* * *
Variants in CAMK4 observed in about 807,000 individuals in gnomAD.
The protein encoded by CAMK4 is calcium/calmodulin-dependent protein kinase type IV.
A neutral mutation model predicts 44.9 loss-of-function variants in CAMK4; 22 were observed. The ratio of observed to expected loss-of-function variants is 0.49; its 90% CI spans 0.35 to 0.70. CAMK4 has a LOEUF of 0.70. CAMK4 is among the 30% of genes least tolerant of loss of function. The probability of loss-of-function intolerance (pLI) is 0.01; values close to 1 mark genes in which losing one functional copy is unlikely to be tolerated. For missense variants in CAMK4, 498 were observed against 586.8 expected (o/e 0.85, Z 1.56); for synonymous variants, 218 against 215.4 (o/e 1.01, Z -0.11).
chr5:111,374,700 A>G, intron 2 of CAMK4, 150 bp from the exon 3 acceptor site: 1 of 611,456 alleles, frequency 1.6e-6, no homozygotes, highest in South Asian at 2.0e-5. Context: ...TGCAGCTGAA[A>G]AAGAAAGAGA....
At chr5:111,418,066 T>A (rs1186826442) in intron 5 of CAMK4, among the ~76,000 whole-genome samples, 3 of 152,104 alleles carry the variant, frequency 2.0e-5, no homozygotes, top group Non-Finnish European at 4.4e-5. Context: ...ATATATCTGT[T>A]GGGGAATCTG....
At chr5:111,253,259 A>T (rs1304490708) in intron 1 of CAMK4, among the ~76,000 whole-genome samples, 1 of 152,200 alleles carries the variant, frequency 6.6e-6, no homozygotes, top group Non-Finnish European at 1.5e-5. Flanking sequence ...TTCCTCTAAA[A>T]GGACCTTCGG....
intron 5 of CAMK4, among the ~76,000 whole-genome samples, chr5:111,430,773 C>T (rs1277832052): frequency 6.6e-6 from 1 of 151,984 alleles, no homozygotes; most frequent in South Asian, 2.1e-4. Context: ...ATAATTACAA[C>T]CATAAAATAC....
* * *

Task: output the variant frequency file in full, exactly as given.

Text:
Variants in CAMK4 observed in about 807,000 individuals in gnomAD.
The protein encoded by CAMK4 is calcium/calmodulin-dependent protein kinase type IV.
A neutral mutation model predicts 44.9 loss-of-function variants in CAMK4; 22 were observed. The ratio of observed to expected loss-of-function variants is 0.49; its 90% CI spans 0.35 to 0.70. CAMK4 has a LOEUF of 0.70. CAMK4 is among the 30% of genes least tolerant of loss of function. The probability of loss-of-function intolerance (pLI) is 0.01; values close to 1 mark genes in which losing one functional copy is unlikely to be tolerated. For missense variants in CAMK4, 498 were observed against 586.8 expected (o/e 0.85, Z 1.56); for synonymous variants, 218 against 215.4 (o/e 1.01, Z -0.11).
chr5:111,374,700 A>G, intron 2 of CAMK4, 150 bp from the exon 3 acceptor site: 1 of 611,456 alleles, frequency 1.6e-6, no homozygotes, highest in South Asian at 2.0e-5. Context: ...TGCAGCTGAA[A>G]AAGAAAGAGA....
At chr5:111,418,066 T>A (rs1186826442) in intron 5 of CAMK4, among the ~76,000 whole-genome samples, 3 of 152,104 alleles carry the variant, frequency 2.0e-5, no homozygotes, top group Non-Finnish European at 4.4e-5. Context: ...ATATATCTGT[T>A]GGGGAATCTG....
At chr5:111,253,259 A>T (rs1304490708) in intron 1 of CAMK4, among the ~76,000 whole-genome samples, 1 of 152,200 alleles carries the variant, frequency 6.6e-6, no homozygotes, top group Non-Finnish European at 1.5e-5. Flanking sequence ...TTCCTCTAAA[A>T]GGACCTTCGG....
intron 5 of CAMK4, among the ~76,000 whole-genome samples, chr5:111,430,773 C>T (rs1277832052): frequency 6.6e-6 from 1 of 151,984 alleles, no homozygotes; most frequent in South Asian, 2.1e-4. Context: ...ATAATTACAA[C>T]CATAAAATAC....